Site of Southam Union Workhouse

Description of this historic site

The site of Southam Union Workhouse which was used to house the poor during the Imperial period. It is marked on the Ordnance Survey map of 1885 and was situated 400m north west of the church.

Notes about this historic site

1 Workhouse marked on 1885 map.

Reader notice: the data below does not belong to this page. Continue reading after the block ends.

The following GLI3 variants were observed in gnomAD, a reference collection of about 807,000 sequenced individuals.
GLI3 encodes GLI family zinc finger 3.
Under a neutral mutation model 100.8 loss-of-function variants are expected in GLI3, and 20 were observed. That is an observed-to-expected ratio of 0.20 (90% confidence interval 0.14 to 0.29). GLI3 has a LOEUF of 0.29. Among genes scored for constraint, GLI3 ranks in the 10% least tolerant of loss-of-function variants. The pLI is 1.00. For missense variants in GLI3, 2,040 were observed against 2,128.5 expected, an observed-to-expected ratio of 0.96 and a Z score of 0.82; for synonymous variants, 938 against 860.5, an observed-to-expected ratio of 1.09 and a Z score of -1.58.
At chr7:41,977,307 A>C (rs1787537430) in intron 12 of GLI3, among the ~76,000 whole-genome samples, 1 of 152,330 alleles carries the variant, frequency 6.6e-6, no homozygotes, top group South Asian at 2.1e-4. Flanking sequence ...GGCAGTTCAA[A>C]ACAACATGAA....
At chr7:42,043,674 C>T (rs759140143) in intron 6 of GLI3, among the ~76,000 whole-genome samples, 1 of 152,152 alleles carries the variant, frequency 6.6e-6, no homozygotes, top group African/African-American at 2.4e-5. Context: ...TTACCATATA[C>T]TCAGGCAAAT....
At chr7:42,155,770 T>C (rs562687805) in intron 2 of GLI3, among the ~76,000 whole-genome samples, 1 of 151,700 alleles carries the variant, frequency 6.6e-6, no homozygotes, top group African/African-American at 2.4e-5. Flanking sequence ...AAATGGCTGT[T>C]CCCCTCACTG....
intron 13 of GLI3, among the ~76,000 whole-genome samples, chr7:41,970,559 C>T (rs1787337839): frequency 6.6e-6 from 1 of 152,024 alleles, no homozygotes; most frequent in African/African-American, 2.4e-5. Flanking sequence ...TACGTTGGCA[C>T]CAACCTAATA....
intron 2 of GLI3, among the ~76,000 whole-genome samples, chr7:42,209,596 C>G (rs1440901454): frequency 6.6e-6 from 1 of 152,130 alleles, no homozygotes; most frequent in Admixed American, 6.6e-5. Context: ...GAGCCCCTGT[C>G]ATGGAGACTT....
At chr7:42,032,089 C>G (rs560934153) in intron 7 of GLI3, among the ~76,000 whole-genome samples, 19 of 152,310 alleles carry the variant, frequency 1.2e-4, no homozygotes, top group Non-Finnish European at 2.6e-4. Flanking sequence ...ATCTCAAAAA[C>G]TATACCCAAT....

2 Southam Poor Law Union was formed on 30th April 1836. The Southam Board of Guardians held their first meeting on 2nd May 1836 and appointed a committee to instigate the setting up of a new workhouse. On the 9th of May, the committee recommended that the new building be erected on the site of the former House of Industry which was situated to the north-west of Southam on the south side of Welsh Road. On May 31st, the Clerk was instructed to advertise for plans for a workhouse for 180-200 persons. On the 4th July, plans submitted by John Plowman were adopted subject to approval by the Poor Law Commissioners who duly authorised an expenditure of £3,600. The new workhouse, erected in 1837, was a plain red-brick building building. Its plan followed the popular cruciform or “square” design with accommodation wings emanating from a central hub dividing the site into separate yards for the different classes of inmate (old/young, male/female). After 1912, the workhouse became officially known as the Southam Poor Law Institution. In 1923, the Rural District Council accepted a tender of £1,240 from FG Watson of Southam for converting the building into dwellings. Southam Primary School now stands on the site.

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